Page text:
Russia’s Roscosmos space agency sent a life-size humanoid robot on a mission to the International Space Station as part of a test flight to check the compatibility of the upgraded booster and spacecraft.
The mission was carried by an improved Soyuz capsule — which is typically a crewed flight to the space station — and only lifted off with food, supplies, and a humanoid Skybot F-850 robot from Baikonur Cosmodrome in Kazakhstan early Thursday at 8:38 a.m. local time.
Its Soyuz MS-14 spacecraft is carrying 1,450 lbs. (660 kilograms) of supplies for the station’s six-person crew.
Particularly, the revamped rocket is called the Soyuz-2.1a, a Russian booster that is intended for crewed flights. So far, it has only performed an uncrewed space delivery. The new booster rocket is expected to replace the Soyuz-FG rocket next year.
“A flawless climb to orbit for Soyuz MS-14 in its test flight, the first launch of a Soyuz vehicle on a 2.1a booster,” NASA spokesperson Rob Navias said during live launch commentary.
According to Navias, this Soyuz launch is a critical test to determine the compatibility of the combination of the Soyuz capsule and the Soyuz 2.1a booster. This launch will help Russian space agency, Roscosmos, to determine if it will be ready for its crewed flight tentatively scheduled in March 2020.
“The Soyuz 2.1a booster, equipped with a new digital flight control system and upgraded engines, is replacing the Soyuz FG booster that has been used for decades to launch crews into space,” NASA officials wrote in a statement. “The Soyuz spacecraft will have upgraded motion control and navigation system, as well as a revamped descent control system,” they added.
Along with the upgraded sensors attached to the spacecraft, Roscosmos also included a Skybot F-850 robot named “Fyodor” to act as its first passenger to the ISS.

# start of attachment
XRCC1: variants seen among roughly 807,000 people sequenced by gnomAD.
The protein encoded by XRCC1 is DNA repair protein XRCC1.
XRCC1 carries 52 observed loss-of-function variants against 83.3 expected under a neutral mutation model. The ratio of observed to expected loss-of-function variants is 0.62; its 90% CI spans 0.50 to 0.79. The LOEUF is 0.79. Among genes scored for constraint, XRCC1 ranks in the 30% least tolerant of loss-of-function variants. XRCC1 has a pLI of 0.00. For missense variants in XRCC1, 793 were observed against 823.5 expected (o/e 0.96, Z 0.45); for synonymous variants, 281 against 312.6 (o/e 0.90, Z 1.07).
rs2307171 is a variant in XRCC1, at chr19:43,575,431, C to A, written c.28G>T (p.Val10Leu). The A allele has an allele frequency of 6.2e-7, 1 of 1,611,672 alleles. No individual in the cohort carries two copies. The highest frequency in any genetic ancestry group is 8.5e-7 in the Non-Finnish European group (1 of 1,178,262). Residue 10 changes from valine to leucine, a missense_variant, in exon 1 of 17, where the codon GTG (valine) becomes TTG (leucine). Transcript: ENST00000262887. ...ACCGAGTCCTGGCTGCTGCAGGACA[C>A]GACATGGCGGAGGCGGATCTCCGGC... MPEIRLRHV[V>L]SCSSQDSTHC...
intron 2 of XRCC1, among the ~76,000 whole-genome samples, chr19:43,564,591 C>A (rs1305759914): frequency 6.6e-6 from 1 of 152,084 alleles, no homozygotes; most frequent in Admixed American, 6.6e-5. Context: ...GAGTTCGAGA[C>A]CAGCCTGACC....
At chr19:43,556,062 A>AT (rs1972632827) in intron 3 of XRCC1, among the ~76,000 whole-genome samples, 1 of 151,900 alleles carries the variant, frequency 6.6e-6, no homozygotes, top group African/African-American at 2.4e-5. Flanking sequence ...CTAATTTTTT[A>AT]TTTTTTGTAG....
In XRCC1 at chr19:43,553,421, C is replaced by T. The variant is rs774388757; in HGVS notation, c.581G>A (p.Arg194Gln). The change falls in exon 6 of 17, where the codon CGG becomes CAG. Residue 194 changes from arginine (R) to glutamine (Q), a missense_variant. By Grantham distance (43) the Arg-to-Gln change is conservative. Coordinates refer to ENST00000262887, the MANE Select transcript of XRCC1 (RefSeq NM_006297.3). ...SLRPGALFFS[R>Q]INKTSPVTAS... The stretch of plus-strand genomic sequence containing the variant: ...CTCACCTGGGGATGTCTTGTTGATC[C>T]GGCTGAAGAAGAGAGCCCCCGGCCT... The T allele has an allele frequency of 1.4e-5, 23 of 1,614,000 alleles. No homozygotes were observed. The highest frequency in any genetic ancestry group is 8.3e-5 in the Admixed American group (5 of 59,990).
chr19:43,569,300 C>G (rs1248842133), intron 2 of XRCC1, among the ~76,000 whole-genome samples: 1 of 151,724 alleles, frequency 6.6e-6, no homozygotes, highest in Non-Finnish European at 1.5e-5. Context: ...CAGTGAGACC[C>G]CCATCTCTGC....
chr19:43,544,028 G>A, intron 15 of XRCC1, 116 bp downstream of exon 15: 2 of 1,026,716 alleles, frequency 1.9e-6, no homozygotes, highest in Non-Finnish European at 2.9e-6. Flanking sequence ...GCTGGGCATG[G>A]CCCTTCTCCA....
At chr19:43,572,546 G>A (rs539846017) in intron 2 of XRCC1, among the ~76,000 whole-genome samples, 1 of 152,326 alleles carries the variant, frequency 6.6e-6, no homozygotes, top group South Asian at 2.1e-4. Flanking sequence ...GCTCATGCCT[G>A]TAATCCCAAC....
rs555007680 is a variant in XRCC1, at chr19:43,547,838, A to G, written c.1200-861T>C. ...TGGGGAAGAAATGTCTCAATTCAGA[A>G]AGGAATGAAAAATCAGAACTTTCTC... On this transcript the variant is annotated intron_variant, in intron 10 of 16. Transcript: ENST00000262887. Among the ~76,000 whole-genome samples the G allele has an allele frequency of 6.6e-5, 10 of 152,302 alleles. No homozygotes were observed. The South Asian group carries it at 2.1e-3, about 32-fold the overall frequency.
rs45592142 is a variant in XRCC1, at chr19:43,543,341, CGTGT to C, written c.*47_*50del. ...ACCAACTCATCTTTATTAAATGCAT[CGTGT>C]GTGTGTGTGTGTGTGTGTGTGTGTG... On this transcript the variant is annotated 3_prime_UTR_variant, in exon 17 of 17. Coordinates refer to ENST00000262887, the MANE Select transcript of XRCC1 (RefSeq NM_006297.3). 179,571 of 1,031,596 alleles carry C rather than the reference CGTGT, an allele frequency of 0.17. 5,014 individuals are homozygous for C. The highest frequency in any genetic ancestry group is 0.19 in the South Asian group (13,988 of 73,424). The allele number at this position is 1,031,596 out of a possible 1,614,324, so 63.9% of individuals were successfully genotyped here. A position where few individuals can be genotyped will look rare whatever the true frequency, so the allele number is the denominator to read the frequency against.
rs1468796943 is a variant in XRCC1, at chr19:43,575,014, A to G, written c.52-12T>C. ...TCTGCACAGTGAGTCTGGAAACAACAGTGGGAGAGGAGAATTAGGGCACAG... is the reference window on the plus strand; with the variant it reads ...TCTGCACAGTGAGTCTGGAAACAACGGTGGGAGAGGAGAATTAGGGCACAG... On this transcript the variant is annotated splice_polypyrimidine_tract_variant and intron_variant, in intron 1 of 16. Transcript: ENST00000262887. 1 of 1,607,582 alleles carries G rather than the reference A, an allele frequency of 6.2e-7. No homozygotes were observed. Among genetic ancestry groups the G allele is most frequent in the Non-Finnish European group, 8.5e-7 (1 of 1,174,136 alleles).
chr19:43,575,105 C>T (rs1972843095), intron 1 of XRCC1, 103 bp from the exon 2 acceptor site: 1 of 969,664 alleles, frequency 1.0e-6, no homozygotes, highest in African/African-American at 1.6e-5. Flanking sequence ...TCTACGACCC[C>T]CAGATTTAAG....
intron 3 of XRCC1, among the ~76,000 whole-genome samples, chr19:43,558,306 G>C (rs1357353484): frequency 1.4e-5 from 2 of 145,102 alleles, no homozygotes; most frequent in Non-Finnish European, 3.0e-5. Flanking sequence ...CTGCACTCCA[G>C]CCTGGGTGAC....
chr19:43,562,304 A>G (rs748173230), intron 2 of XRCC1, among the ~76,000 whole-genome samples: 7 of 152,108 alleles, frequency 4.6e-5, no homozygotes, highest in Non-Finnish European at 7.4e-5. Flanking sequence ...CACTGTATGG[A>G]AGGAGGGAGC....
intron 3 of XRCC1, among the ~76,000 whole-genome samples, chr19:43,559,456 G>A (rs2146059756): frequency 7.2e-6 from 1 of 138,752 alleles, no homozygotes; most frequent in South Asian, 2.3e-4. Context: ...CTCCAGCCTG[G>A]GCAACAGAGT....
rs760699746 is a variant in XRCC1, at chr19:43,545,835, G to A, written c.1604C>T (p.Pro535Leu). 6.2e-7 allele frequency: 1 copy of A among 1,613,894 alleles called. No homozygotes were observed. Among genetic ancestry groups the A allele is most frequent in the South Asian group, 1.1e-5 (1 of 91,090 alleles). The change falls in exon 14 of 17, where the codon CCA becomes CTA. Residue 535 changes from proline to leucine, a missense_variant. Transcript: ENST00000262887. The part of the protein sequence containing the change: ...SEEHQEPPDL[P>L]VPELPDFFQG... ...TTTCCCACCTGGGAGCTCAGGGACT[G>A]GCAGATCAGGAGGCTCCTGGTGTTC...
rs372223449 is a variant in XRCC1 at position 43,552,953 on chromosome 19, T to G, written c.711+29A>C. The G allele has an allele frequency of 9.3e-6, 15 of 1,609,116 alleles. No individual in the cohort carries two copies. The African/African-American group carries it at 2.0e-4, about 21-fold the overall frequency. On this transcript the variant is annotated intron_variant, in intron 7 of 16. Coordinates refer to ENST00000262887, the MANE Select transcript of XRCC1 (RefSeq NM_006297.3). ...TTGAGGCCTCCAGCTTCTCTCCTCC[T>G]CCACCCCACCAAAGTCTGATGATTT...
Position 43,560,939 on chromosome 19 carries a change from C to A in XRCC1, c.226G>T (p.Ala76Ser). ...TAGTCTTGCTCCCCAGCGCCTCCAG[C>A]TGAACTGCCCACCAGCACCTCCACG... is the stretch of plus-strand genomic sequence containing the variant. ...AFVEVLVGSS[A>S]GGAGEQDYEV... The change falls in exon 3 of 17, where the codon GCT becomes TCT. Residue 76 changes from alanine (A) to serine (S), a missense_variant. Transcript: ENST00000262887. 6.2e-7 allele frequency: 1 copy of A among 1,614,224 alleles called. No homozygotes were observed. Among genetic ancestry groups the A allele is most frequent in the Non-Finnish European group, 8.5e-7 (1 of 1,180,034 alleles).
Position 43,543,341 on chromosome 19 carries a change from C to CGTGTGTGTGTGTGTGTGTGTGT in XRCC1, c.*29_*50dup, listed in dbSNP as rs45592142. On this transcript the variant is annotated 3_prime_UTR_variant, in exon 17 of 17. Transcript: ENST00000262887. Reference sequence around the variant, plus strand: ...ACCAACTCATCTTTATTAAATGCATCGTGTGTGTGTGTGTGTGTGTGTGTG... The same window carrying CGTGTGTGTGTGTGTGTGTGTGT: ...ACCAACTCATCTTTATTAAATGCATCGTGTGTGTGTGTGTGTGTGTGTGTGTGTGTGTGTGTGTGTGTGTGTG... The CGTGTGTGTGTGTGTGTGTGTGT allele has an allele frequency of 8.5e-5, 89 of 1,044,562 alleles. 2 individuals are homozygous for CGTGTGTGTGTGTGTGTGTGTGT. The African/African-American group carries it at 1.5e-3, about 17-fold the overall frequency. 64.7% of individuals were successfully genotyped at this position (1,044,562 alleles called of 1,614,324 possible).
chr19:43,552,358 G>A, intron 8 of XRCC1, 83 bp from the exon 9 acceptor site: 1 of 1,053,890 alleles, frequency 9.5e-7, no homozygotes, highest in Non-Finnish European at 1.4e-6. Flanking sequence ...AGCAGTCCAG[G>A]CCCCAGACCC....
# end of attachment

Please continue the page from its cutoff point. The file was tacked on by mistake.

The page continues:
Fyodor is one of the latest versions of Russia’s FEDOR robots, a five-year-old versatile line of humanoids, which have been used in real-life scenarios on Earth. As the first of its kind in space, the Fyodor Skybot F-850 includes unique features such as vibration-resistant materials, and algorithms to reduce its movement so that it does not accidentally damage the International Space Station.
On Wednesday, Fyodor has taken the captain’s seat on the Soyuz 2.1 test flight to the ISS, where the spacecraft is expected to dock on Saturday.
“He made it to orbit and is en route to the International Space Station,” Navias said.
A television view from inside the Soyuz showed the robot clutching a small Russian flag in its right hand as a toy cosmonaut bobbed around the cabin as a zero-gravity indicator.
If all goes well, Soyuz MS-14 will arrive at the International Space Station early Saturday (Aug. 24)
During its 17-day space mission, Fyodor will take part in “about five or six scientific tasks,” Yevgeny Dudorov, the executive director of the robot’s manufacturer Android Technology, noted earlier, stressing that “those scientific tasks have been kept secret.”
The robot will then be packed back aboard the Soyuz for a return trip to Earth on Sept. 6.
What’s not kept a secret, however, is that the robot will be able to report conditions such as the forces it encountered during flight, including the point at which it begins to feel microgravity.
Furthermore, the mission will also help Roscosmos to develop necessary changes to the Soyuz spacecraft, which can potentially pave the way for a cargo ship that can perform uncrewed reentry to return experiments and other gear to Earth. Currently, Russia’s capsule can only deliver supplies and are filled with trash, which is discarded at the end of their missions.
In general, the data collected by both the spacecraft and Fyodor will able to tell a basic outcome of the crewed flight in 2020 or make any necessary changes before then.
Elon Musk’s SpaceX made the same robot-gauging experiment on its first uncrewed test flight of Crew Dragon in March. Like, Fyodor, the flight included an anthropomorphic test dummy (ATD) onboard. The dummy is attached with sensors to measure the gravitational loads that will be placed on the crew as well as the environment around them.